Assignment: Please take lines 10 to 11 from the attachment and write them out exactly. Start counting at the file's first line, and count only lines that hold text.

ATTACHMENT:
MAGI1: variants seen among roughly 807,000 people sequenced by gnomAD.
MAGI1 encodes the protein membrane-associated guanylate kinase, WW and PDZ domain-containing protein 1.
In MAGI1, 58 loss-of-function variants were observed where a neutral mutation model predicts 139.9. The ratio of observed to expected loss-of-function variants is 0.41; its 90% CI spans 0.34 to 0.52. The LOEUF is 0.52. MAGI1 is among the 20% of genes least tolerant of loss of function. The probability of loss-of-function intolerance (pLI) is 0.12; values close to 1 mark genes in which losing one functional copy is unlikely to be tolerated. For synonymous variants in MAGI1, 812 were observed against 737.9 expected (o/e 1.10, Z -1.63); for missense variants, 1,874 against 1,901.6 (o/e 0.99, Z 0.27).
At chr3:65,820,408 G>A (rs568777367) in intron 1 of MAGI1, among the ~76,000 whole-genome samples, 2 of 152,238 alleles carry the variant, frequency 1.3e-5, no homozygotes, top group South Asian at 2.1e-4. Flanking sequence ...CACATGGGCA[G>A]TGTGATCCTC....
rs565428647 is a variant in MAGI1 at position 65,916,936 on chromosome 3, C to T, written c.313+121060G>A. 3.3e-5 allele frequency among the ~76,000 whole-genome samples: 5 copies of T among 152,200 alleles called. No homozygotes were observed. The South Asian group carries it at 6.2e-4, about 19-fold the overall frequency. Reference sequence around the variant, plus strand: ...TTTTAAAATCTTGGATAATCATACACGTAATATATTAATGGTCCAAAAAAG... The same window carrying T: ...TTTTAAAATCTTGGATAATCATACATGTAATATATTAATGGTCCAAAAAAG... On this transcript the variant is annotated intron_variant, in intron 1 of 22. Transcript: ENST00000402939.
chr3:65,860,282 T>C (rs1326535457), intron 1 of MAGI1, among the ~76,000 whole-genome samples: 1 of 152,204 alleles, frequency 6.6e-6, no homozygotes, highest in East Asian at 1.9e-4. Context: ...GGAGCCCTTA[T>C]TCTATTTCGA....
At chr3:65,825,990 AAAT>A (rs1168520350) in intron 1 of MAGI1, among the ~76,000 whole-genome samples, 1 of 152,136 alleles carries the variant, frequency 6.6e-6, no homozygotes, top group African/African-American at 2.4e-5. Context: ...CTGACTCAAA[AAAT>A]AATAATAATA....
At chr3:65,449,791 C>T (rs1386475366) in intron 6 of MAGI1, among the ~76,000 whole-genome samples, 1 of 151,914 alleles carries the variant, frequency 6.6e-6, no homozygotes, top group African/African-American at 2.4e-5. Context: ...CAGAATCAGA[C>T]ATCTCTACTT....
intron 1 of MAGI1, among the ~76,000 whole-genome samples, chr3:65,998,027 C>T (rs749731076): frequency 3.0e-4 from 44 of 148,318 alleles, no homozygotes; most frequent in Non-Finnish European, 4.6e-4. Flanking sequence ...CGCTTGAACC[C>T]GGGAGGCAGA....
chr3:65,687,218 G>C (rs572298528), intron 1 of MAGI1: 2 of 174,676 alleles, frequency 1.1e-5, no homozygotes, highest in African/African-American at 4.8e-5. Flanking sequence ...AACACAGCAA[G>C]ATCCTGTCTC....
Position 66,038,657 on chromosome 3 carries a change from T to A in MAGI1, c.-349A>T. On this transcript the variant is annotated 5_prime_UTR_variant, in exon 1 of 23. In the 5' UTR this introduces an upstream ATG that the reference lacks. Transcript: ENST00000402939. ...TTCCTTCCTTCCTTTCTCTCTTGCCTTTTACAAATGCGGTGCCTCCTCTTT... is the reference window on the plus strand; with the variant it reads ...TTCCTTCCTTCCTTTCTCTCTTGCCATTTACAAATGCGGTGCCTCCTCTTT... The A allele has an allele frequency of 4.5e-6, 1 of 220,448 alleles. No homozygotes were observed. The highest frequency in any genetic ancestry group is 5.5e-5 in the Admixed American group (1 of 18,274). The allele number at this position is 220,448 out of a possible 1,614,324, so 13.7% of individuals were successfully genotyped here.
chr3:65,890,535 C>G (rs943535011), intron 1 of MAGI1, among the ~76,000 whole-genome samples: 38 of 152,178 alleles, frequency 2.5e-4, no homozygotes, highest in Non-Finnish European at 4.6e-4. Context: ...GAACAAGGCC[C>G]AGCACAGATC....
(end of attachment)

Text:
chr3:65,687,218 G>C (rs572298528), intron 1 of MAGI1: 2 of 174,676 alleles, frequency 1.1e-5, no homozygotes, highest in African/African-American at 4.8e-5. Flanking sequence ...AACACAGCAA[G>C]ATCCTGTCTC....
Position 66,038,657 on chromosome 3 carries a change from T to A in MAGI1, c.-349A>T. On this transcript the variant is annotated 5_prime_UTR_variant, in exon 1 of 23. In the 5' UTR this introduces an upstream ATG that the reference lacks. Transcript: ENST00000402939. ...TTCCTTCCTTCCTTTCTCTCTTGCCTTTTACAAATGCGGTGCCTCCTCTTT... is the reference window on the plus strand; with the variant it reads ...TTCCTTCCTTCCTTTCTCTCTTGCCATTTACAAATGCGGTGCCTCCTCTTT... The A allele has an allele frequency of 4.5e-6, 1 of 220,448 alleles. No homozygotes were observed. The highest frequency in any genetic ancestry group is 5.5e-5 in the Admixed American group (1 of 18,274). The allele number at this position is 220,448 out of a possible 1,614,324, so 13.7% of individuals were successfully genotyped here.